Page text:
By Shannon Hale
Reviewed by Melissa
Several years ago, I remember hearing an NPR piece by Nancy Pearl, librarian extraordinaire, in which she spotlighted books with the best first lines. Book of a Thousand Days, by Shannon Hale wasn't on that list -- after all, it hadn't been published yet -- but it should be.
It's one of those lines that draws a reader in, compels them to find out more. And Hale gives us a story full of intrigue, suspense, adventure, romance and friendship that more than does justice to the first line.
Dashti is a mucker, a commoner who knows the songs that fix the everyday aches and pains, and resident of Titor's Garden of the Eight Realms. She falls upon hard times when her mother dies, and heads to the main city to find work. Once there, she is taught to read and write, and is given to Lady Saren -- a third daughter of a ruling lord whose only purpose in life is to get married -- as a maid. Unfortunately for Dashti, this happens just as Saren defies her father by refusing to marry the man of his choice, claiming love for another man. He has Saren, and Dashti (for a lady's maid is sworn to follow her lady), locked up in a tower for seven years. Dashti chronicles the days in the tower, writing and illustrating her journal: the loneliness, her struggle to understand Saren, the challenge of survival, the visits of Saren's two suitors: Kahn Tegus (her choice) and Lord Khasar (father's choice).
This book is remarkable for many reasons, but chiefly because it doesn't read like your typical fantasy book. Or even like Hale's other books. One reviewer commented that even though it was fantasy, it read more like historical fiction. I agree. Under Hale's more than capable hands, the story of Dashti, Saren and their time in the tower and afterward take on a life beyond the fantasy genre. It's set in a "make believe" realm, but it's not too hard to believe that the landscape and the atmosphere are the central Asian steppes. Magic is present, but in a form so natural and organic, it isn't hard to believe it originated from thousands of years of worship and sacrifice to the Eight Ancestors.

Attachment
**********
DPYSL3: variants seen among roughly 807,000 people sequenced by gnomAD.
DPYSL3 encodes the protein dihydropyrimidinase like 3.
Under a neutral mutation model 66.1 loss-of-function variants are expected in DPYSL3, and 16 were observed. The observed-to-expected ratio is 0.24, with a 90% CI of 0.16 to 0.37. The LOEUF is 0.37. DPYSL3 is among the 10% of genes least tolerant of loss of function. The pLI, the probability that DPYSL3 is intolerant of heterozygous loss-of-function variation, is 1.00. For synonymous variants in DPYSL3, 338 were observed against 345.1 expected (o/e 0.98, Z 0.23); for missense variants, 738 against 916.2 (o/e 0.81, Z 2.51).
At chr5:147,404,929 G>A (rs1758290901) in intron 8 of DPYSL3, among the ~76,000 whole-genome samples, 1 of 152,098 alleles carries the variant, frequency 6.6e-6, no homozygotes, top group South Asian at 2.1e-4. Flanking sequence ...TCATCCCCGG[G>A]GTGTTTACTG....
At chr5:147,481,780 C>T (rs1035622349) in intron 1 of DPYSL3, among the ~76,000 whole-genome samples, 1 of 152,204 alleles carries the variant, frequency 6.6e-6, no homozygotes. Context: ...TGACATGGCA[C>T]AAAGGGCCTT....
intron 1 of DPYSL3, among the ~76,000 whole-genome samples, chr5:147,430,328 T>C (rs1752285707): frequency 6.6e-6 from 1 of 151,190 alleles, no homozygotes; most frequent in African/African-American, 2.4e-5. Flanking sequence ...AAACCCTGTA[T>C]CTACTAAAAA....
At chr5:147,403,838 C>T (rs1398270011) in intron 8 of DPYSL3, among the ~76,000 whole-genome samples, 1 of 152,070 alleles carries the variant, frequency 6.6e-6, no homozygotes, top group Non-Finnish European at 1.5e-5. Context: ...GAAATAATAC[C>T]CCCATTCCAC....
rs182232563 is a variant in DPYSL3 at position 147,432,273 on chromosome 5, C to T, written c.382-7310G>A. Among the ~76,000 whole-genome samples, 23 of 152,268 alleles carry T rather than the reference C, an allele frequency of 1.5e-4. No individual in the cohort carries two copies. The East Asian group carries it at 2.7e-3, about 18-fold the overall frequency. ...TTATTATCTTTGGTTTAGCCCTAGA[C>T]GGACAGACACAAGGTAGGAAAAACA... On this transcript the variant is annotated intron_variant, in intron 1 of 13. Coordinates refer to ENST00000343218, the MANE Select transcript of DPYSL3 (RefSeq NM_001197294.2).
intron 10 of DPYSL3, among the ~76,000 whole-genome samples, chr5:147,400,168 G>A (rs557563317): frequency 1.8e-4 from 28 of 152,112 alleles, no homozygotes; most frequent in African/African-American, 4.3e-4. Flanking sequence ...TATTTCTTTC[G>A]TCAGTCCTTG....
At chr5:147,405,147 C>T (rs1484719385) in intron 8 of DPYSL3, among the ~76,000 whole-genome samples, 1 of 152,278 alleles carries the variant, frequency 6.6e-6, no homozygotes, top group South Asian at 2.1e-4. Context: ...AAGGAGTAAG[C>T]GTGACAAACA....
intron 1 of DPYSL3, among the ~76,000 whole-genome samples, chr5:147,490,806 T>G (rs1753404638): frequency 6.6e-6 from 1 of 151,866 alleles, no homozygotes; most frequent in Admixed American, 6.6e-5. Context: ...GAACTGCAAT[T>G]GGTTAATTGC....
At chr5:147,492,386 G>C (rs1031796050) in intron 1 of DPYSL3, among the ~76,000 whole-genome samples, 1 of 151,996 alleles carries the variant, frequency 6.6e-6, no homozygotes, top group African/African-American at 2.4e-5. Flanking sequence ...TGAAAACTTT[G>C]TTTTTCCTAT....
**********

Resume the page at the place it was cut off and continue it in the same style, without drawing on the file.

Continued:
Another difference is Hale's choice of heroine. It would have been easy for her to choose to write this story from Saren's point of view, or with an omniscient narrator. But, because Dashti is a servant, the story takes on a completely different, and perhaps more believable, perspective and tone. I found it fascinating to see such a harsh and rule-oriented place from the point of view of someone most affected by the harshness of the landscape and the strictness of the society. In addition, Dashti is a simple, yet eloquent narrator. She's observant, funny, lyrical and honest. I hung on her every word.
This was from Day 11:
But some nights, when I tossed on my mattress, awake and staring at nothing, the sorrow would strike me. Quiet there in Qadan's dark house, my heartache felt like a river, and I was sinking into it, carried away fast in its coldness. That's the best way I can explain it, and what I mean by it is, I missed my mama.Or from Day 160:
"Can you tell me, what does the sky look like today?"Dashti was the brightest star in the book, but I felt that the other characters held their own. Saren was understandably sullen and frightened for most of the book, and at times I was irritated with her. But because Dashti was so loyal to her, I felt she must have had some worth. Lord Khasar was terrifying as the father-picked suitor. Leering, dominant and terrible: everything a good "bad guy" should be. And Khan Tegus... let's just say that the romance was exactly what a romance should be. Even if I did figure the ending out (but only in a general way).
"Sky? It looks like a sky."
"Is it blue?"
The guard snorted. "It's always blue."
But he's wrong. Though we call it the Eternal Blue Sky, I know that sometimes it's black, sometimes white, sometimes yellow, pink, purple, gray, black, peach, gold, orange, a dozen different shades of blue, with a hundred different kinds of clouds in thousands of shapes. That's what makes it so wondrous. If the guard couldn't see that, I wouldn't bother to explain.
Based on a little-known Grimm fairy tale, "Maid Maleen," Book of a Thousand Days is a remarkable story. Perhaps not one that makes you jump up and shout, but rather one that sticks with you, willing itself to be mulled over. Which makes the book an incredible read.